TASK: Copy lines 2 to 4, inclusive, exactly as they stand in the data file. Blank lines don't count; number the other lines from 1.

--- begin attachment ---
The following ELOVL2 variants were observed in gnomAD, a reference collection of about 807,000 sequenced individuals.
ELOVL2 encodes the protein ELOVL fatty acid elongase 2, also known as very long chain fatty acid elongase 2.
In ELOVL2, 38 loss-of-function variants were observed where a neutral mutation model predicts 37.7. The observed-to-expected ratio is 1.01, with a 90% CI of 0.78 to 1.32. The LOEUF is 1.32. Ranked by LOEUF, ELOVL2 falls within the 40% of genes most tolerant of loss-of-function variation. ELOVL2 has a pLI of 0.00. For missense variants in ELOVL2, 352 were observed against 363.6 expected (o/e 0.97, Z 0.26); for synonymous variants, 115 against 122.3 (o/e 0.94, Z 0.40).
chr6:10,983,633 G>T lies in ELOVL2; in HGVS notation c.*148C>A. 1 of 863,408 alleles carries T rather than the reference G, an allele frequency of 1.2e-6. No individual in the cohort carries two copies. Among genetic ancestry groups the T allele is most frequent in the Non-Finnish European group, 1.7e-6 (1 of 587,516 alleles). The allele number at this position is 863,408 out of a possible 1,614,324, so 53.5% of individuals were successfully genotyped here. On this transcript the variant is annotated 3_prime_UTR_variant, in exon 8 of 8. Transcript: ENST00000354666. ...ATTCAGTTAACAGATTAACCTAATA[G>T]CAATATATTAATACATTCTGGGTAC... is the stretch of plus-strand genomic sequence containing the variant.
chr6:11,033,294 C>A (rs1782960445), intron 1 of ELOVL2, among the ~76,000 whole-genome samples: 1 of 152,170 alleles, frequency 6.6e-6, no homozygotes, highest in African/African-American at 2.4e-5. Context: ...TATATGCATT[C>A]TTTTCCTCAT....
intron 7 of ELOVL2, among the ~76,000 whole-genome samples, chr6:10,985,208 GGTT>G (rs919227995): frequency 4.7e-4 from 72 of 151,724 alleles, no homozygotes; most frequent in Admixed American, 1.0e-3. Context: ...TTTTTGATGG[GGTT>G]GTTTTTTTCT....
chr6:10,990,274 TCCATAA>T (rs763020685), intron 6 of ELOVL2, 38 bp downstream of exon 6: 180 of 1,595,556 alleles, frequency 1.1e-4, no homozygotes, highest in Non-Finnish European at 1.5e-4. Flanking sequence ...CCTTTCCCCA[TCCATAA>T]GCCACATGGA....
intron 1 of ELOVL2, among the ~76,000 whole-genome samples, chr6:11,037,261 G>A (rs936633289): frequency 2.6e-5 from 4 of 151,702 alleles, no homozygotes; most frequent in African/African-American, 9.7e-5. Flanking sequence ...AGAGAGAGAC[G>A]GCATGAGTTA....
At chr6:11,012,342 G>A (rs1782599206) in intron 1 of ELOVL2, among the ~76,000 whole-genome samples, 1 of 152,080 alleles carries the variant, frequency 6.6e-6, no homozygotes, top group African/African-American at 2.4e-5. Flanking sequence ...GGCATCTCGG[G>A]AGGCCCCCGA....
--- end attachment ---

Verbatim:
ELOVL2 encodes the protein ELOVL fatty acid elongase 2, also known as very long chain fatty acid elongase 2.
In ELOVL2, 38 loss-of-function variants were observed where a neutral mutation model predicts 37.7. The observed-to-expected ratio is 1.01, with a 90% CI of 0.78 to 1.32. The LOEUF is 1.32. Ranked by LOEUF, ELOVL2 falls within the 40% of genes most tolerant of loss-of-function variation. ELOVL2 has a pLI of 0.00. For missense variants in ELOVL2, 352 were observed against 363.6 expected (o/e 0.97, Z 0.26); for synonymous variants, 115 against 122.3 (o/e 0.94, Z 0.40).
chr6:10,983,633 G>T lies in ELOVL2; in HGVS notation c.*148C>A. 1 of 863,408 alleles carries T rather than the reference G, an allele frequency of 1.2e-6. No individual in the cohort carries two copies. Among genetic ancestry groups the T allele is most frequent in the Non-Finnish European group, 1.7e-6 (1 of 587,516 alleles). The allele number at this position is 863,408 out of a possible 1,614,324, so 53.5% of individuals were successfully genotyped here. On this transcript the variant is annotated 3_prime_UTR_variant, in exon 8 of 8. Transcript: ENST00000354666. ...ATTCAGTTAACAGATTAACCTAATA[G>T]CAATATATTAATACATTCTGGGTAC... is the stretch of plus-strand genomic sequence containing the variant.